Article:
Photos by Sean D'Angelo
How many of you out there are vegetarians? Let us see a show of hands. It is not easy being a veg-head in Korea, and unless you cook for yourself, life is bound to be full of little compromises: “fish are basically vegetables,” “soup stock does not count,” “samgyupsal is thick bacon, and everyone knows bacon is related to broccoli… on account of the fact that they both start with the letter ‘b.’” My vegetarian friends can attest that when they came to Korea they had to loosen up on their principals just to survive. Even kimchi, the poster child of healthy eating, contains seafood derivatives. Try explaining that to your boss next company meeting. I come from a family of vegetarians, so I understand the struggle. That is why this month’s feature will be meat-free options for dinner out in Gwangju.
Back in October my mother and father came round to attend my wedding, and planning our nightly meals was almost more stress than the matrimony. There are a couple of great temple food buffets that feature vegetarian cuisine near Mudeungsan, and another down in Pungam-dong by Pungam high school. The most famous buffet would have to be Sujata (수자타), an all-you-can-eat style cafeteria with a huge array of side dishes like the ones you would find at a Korean temple stay. For the modest price of 10,000 won you can enjoy salads of mountain greens, seaweeds, crispy fried veggies, a plethora of tofus, rice cakes, and meat substitutes like seitan, any day of the week between the hours of 11:30am to 10:30pm. Despite being prepared in advance, the food is satisfying, the atmosphere vibrant and lively, and the service friendly. My mother, an accomplished chef in her own right with extremely refined standards, was especially impressed with the seitan and sweet potato stir-fried noodles. I am just an uncouth, drunken carnivore myself, so the highlight of my meal was the sujeonggwa (수정과) or cinnamon punch.
Another hit for the family was Sunrise House (해뜨는집), a Seventh-day Adventist Chinese restaurant located to the south in Juwol-dong near Samyuk Elementary school. In case you are not familiar, Seventh-day Adventists have been strict vegetarians for over a century. What mental fortitude. But who cares? Let’s talk about the food! Sunrise House cooks Chinese-inspired Korean dishes like sweet and sour pork (탕수육 “ttangsuyuk”), spicy seafood soup (짬뽕”jjambbong”), and black bean noodles (짜장면 “jjajangmyun”), using mushrooms and potatoes in lieu of pork and seafood in all their dishes. Their “sweet and sour pork” is really “sweet and sour shitake,” fried crisp in sticky rice flour and drenched in a thick sauce made with carrot, pineapple, and Chinese green plum syrup. It made quite an impression on my father who grew up in Korea but still dubbed it “the most delicious ttangsuyuk he’s ever had.” But by far the star of the show at Sunrise House is the spicy seafood soup. Its crisp and refreshing flavor comes from a combination of rich vegetable broth, Korean chili pepper, and ginger, combined with a medley of colorful vegetables and four different mushrooms — shitake, oyster, enoki, and French horn — to offer fun textural variation. The interior at Sunrise House is just as modest and unassuming as the owners, sparsely decorated with only about a dozen or so floor tables in traditional Korean style. They are rarely too crowded to accommodate a small group, but beware: they close early on Fridays and all day Saturday for religious observation.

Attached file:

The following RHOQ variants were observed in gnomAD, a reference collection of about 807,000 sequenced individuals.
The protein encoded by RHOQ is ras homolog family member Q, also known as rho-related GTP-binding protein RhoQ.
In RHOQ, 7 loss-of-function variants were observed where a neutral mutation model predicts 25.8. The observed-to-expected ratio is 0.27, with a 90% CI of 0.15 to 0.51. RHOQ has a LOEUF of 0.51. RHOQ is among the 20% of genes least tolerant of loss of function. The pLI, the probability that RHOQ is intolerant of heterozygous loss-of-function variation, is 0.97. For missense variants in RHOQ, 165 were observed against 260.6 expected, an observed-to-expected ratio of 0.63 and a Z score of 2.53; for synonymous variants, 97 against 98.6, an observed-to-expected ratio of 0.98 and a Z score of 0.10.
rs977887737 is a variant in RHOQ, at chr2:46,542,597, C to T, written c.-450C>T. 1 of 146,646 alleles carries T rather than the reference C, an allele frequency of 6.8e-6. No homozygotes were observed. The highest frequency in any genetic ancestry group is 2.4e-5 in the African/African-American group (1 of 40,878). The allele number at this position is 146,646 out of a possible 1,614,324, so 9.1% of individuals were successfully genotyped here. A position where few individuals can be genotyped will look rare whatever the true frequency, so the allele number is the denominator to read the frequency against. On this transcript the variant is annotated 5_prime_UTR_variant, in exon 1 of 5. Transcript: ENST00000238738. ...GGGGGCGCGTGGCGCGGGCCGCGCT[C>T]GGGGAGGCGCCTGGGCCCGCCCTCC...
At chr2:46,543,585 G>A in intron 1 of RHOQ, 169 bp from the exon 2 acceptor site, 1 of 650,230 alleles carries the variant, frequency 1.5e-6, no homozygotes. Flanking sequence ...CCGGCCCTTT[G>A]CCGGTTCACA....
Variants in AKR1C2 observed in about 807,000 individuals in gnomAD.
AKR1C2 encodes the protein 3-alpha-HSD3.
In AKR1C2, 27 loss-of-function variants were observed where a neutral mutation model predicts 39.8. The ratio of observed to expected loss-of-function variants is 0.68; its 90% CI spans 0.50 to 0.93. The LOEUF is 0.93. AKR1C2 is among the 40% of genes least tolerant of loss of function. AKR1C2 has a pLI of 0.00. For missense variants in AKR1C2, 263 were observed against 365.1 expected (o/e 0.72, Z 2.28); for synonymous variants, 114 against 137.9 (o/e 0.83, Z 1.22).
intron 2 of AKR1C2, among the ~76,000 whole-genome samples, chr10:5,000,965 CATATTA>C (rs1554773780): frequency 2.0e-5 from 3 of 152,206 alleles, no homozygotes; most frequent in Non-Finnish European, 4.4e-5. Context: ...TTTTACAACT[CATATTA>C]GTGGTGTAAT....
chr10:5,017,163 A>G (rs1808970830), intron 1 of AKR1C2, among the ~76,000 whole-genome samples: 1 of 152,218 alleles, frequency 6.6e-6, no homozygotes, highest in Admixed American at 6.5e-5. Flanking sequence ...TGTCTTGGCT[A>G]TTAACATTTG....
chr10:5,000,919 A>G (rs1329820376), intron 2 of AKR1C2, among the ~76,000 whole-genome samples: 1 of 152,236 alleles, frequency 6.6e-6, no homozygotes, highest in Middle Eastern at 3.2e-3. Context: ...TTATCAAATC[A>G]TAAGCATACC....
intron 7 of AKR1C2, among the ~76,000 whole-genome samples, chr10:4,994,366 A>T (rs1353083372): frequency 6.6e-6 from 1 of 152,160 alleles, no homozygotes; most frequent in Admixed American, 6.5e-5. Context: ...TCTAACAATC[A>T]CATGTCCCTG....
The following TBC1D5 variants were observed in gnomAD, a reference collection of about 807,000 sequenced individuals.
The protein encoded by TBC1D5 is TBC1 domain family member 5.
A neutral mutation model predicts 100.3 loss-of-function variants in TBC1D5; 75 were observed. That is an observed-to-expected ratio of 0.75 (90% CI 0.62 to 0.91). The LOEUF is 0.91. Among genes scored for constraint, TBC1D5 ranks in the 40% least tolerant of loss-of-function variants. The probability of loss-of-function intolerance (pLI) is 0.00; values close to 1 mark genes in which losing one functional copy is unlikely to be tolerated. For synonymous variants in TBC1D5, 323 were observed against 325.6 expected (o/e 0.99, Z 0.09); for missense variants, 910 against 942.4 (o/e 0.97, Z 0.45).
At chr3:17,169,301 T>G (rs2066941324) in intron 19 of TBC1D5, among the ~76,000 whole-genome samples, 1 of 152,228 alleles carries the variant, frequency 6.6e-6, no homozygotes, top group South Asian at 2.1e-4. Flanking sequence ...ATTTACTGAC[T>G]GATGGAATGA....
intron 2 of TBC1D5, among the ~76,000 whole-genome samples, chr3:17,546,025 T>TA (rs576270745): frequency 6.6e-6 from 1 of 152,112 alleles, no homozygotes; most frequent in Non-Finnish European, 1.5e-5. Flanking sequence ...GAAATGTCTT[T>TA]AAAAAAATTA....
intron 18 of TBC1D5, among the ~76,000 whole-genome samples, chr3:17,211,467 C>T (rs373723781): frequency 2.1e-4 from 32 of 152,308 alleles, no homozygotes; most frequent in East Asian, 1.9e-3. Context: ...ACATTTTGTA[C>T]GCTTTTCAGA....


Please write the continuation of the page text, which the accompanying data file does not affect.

One final place worthy of note is just around the corner from Sunrise House, Sallim Vegetarian Buffet (살림채식 뷔페) near Samyuk Kindergarten. With fare similar to Sujata, but offering a greater selection of western-inspired cuisine, Sallim is an excellent alternative to Sunrise House for a quick bite. On my parent’s trip we never got a chance to dine here, but if it lives up to the hype of its online reviews then it is certain to be worth both the trip and the 12,000 won. At the very least, it is another option for all you desperate vegetarians out there. Because, honestly, we all deserve a night-out at times.
062-222-1145 for reservations
Open Daily 11:30-22:30
해뜨는집 Sunrise House
062-654-3450 for reservations
Open daily 11:30-20:30
Closed Friday at 18:00 and all day Saturday
살림채식 뷔페 Sallim Vegetarian Buffet
062-675-3552 for reservations
Open daily 11:40-15:00 and 17:20-21:00
Closed Friday at 18:00 and all day Saturday